starlit sky —
I touch a turtle
before it enters the sea
On a certain night, with a certain tide, and a certain phase of the
moon, a turtle comes back to the very same beach where it broke through
its own eggshell, climbed up through the sand, and scuttled to water.
This female sea turtle has been away for anywhere from one to three
decades. Upon returning, she crawls across the sand to a place she
somehow knows is above the high-tide line. She may repeat the process
from one to six more times throughout spring and summer. Each time, eggs
will be laid in a hole scooped by legs better suited for graceful, powerful
swimming strokes. When depleted of eggs, she will return to the sea and
may swim thousands of miles away from the nesting place. After two or
three years, the breeding female will come back to the beach, within a
few hundred yards of her previous nests, to continue her ancient line.
Miracle and mystery.
K. Ramesh has felt kinship with this process of nature. His touching the
huge reptile has not affected the egg laying or the turtle’s return path
to the sea. She is oblivious to all but completion of reproduction. The
writer has added this experience to a part of himself. Touch sends the
animal home again, perhaps with his blessing.
When turtles first evolved from other reptiles to live in the sea, the
patterns of stars were different; none of our named constellations were
even recognizable. Sea turtles swam with some dinosaurs and nested on
beaches where others walked and roared in the night. One hundred and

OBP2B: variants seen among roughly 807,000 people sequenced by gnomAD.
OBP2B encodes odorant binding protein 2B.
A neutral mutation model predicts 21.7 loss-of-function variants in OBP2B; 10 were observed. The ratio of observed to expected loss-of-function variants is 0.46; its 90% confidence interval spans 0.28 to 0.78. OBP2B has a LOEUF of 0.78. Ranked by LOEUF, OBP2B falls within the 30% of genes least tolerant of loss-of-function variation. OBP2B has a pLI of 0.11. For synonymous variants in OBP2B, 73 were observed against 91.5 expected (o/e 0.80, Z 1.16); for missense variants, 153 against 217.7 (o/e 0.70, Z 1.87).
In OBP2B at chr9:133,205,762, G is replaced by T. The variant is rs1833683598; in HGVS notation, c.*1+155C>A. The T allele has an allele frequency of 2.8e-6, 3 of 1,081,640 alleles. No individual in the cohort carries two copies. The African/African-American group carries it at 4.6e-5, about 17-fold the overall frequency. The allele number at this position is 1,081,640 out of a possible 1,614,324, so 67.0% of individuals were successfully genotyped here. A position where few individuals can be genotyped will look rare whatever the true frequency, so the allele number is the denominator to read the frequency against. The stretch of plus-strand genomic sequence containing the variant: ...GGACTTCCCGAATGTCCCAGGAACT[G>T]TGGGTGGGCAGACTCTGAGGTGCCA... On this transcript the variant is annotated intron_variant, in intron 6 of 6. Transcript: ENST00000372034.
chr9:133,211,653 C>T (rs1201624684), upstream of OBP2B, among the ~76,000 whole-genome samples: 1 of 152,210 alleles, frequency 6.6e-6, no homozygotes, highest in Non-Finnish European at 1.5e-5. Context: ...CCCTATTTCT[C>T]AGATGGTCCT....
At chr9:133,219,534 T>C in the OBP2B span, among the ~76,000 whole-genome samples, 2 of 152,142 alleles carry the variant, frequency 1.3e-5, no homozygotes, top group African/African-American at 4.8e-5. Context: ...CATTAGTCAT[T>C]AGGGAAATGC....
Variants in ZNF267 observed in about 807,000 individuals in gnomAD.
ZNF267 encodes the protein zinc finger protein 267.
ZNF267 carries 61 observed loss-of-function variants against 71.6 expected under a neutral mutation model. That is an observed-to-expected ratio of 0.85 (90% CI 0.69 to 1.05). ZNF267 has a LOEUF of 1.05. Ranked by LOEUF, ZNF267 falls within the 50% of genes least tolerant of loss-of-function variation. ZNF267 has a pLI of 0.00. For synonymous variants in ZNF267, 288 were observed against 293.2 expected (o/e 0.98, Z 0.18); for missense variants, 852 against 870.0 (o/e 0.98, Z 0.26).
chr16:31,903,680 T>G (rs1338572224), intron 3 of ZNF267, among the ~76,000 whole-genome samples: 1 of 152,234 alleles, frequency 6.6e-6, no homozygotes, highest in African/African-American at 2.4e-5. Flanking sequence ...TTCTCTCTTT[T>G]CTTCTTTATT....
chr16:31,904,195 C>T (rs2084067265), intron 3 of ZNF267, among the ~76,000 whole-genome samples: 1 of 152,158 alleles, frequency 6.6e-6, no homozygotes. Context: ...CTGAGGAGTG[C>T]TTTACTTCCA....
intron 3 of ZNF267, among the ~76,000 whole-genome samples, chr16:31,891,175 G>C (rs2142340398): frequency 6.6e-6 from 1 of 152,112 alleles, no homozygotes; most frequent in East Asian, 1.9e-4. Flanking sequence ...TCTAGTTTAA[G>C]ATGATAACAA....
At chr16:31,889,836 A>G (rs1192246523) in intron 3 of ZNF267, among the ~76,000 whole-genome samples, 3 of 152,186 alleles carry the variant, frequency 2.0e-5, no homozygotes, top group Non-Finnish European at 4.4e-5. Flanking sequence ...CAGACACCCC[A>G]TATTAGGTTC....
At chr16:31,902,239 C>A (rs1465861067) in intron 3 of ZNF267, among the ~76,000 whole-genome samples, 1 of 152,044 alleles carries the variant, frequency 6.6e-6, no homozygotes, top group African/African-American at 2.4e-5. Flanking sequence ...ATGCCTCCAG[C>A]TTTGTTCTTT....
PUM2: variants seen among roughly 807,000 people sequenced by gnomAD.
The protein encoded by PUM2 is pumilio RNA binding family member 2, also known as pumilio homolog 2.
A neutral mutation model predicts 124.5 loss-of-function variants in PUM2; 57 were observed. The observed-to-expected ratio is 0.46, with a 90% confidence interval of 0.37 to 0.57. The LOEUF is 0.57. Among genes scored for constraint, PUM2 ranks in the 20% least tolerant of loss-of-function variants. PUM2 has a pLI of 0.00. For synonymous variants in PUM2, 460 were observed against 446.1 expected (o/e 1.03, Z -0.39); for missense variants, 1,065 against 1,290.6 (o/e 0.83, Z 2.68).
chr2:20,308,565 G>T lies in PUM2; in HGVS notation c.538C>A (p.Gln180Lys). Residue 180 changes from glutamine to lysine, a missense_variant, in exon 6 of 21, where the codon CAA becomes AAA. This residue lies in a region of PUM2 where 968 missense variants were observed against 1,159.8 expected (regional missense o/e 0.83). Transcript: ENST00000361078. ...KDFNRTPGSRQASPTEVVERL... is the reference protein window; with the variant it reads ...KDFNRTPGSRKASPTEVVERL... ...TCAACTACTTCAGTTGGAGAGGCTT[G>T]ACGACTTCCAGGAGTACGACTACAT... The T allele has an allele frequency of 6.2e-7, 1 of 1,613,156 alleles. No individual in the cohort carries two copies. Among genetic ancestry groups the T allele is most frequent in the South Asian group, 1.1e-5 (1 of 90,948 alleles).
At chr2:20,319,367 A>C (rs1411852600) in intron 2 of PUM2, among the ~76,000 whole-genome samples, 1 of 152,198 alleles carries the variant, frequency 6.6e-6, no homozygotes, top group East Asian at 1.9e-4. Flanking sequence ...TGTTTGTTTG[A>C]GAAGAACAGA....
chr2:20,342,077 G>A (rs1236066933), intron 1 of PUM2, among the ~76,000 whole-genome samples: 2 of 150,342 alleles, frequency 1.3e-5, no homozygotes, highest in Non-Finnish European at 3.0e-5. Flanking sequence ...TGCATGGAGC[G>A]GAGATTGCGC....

eighty million years ago. The seven species in today’s oceans range from
a hundred pounds to well over a thousand—smaller than their ancestors
yet, for the most part, unchanged in the last ten to twenty million
years. The males never return to land, procreation taking place in the
ocean. Females must return to the sand.
I admire the effortless language Ramesh has used. In the dark of the
moon, the eternity of the stars is invoked. Although he mentions
himself, the reader can easily be substituted. The words “touch” and
“turtle” have an affecting musical smoothness. The last line portrays
his need to touch before this ancient beast disappears in the dark
water. The “sea” is an open, well-chosen, end-sound that brings the
reader or listener of the haiku back to stars and “sky.” In so few
words, this poem sets the stage, shows the action in brief, and leaves
me there as a partner on a beach, pondering this infinite mystery of
nature. Life will find a way.
K. Ramesh has been witness to a timeless act. I have enjoyed sharing it
with him . . . under the stars.